Sometimes your mind just takes a hike. Mine took a giant economy-sized one not long ago as I steered the car off northbound Interstate 270 at the Rockville exit.
If you want to go toward downtown Rockville after you exit, as I did, you must be in the left lane. And you'd better get there fast, because a left turn onto West Montgomery Avenue looms within about 500 yards. But my mental hike was in full swing (there was a good bluegrass song on the radio, your honor), and I found myself marooned in the right lane.
So at the last minute, in a fit of selfishness, I cut over. Just cut over. As if no one else was on the road.
Risky. Stupid. And, as it turned out, wrong. There was somebody else on the road. I nearly took off his fender in moving left.
All my fault so far. But from this point forward, it was all his.
So frustrated was this driver (hadn't he seen the likes of me before?) that he roared around to pass me on the right. It's about a mile from where he cut in front of me to downtown Rockville. For that entire distance along West Montgomery, he kept playing tag with me--moving left if I tried to move left, right if I tried to move right.
He kept beeping the horn. He kept jamming on the brakes, hoping I'd run into him. He kept making signs out the window with his left hand. Let's just say they were not affectionate.
Finally, I cut off abruptly down a side street, in an effort to lose him, the way the bad guys try to lose the cops in the movies. Mercifully, I succeeded. But my mouth was parched, and my heart was pounding. Truly, I feared for my life.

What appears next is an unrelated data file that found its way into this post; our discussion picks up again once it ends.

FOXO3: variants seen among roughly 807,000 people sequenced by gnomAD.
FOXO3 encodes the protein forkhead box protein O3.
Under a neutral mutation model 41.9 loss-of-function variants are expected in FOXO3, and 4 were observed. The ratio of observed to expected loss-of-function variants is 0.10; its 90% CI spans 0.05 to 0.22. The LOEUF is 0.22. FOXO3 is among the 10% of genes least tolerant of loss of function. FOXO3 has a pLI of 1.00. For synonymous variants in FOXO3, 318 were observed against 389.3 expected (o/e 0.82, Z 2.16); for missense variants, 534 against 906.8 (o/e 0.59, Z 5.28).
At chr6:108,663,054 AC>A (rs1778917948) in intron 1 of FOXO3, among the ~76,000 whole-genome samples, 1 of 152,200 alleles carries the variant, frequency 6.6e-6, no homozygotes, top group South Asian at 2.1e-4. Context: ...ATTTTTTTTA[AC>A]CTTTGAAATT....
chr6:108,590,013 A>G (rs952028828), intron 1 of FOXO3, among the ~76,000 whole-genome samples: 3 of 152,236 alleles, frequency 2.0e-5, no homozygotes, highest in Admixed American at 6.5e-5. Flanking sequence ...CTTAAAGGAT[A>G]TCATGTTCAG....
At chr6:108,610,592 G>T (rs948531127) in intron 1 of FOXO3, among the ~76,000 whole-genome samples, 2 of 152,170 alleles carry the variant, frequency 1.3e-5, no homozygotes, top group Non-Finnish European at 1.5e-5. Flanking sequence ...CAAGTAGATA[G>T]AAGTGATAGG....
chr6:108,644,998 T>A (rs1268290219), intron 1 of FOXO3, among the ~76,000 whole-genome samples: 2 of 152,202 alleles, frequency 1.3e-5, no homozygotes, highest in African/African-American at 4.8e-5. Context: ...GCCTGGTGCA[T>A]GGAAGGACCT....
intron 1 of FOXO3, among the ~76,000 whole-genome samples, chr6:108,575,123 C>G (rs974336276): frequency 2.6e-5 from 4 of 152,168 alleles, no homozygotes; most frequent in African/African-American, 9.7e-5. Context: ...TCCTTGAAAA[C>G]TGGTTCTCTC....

My saga of Rockville Roulette is the inevitable result of our love for the automobile. The guy I cut off seemed to think I had offended him, not the traffic laws and not the machine he was driving.
He seemed to think he had a divine right to occupy the slab of concrete I stole from him. Cut him off from that right or that slab, and he took it as personally as any slight he might ever suffer--maybe more personally.
I was lucky. All I got was hand signs. But sometimes the identification between a car and the ego of its driver spills out of control.
Anna Chesser of Falls Church writes about a similar cut-off episode on Van Dorn Street in Alexandria not long ago. It ended with the man she had inadvertently cut off giving the driver's side door of Anna's car a karate kick. Anna hasn't pursued it because "I am frightened to get more involved with this character."
I don't blame you, Anna. I'm not going to get kicked or shot by one of these maniacs just so he can blow off a little more steam. The hinge on my other cheek still allows it to turn just fine.
But let me say this to all you poor, injured souls who have been cut off and who think you've been mortally offended:
Come off it.
If you don't blow your tops at other frustrations in life, including many that are much bigger, why blow at this? Be as adult as your licenses say you are.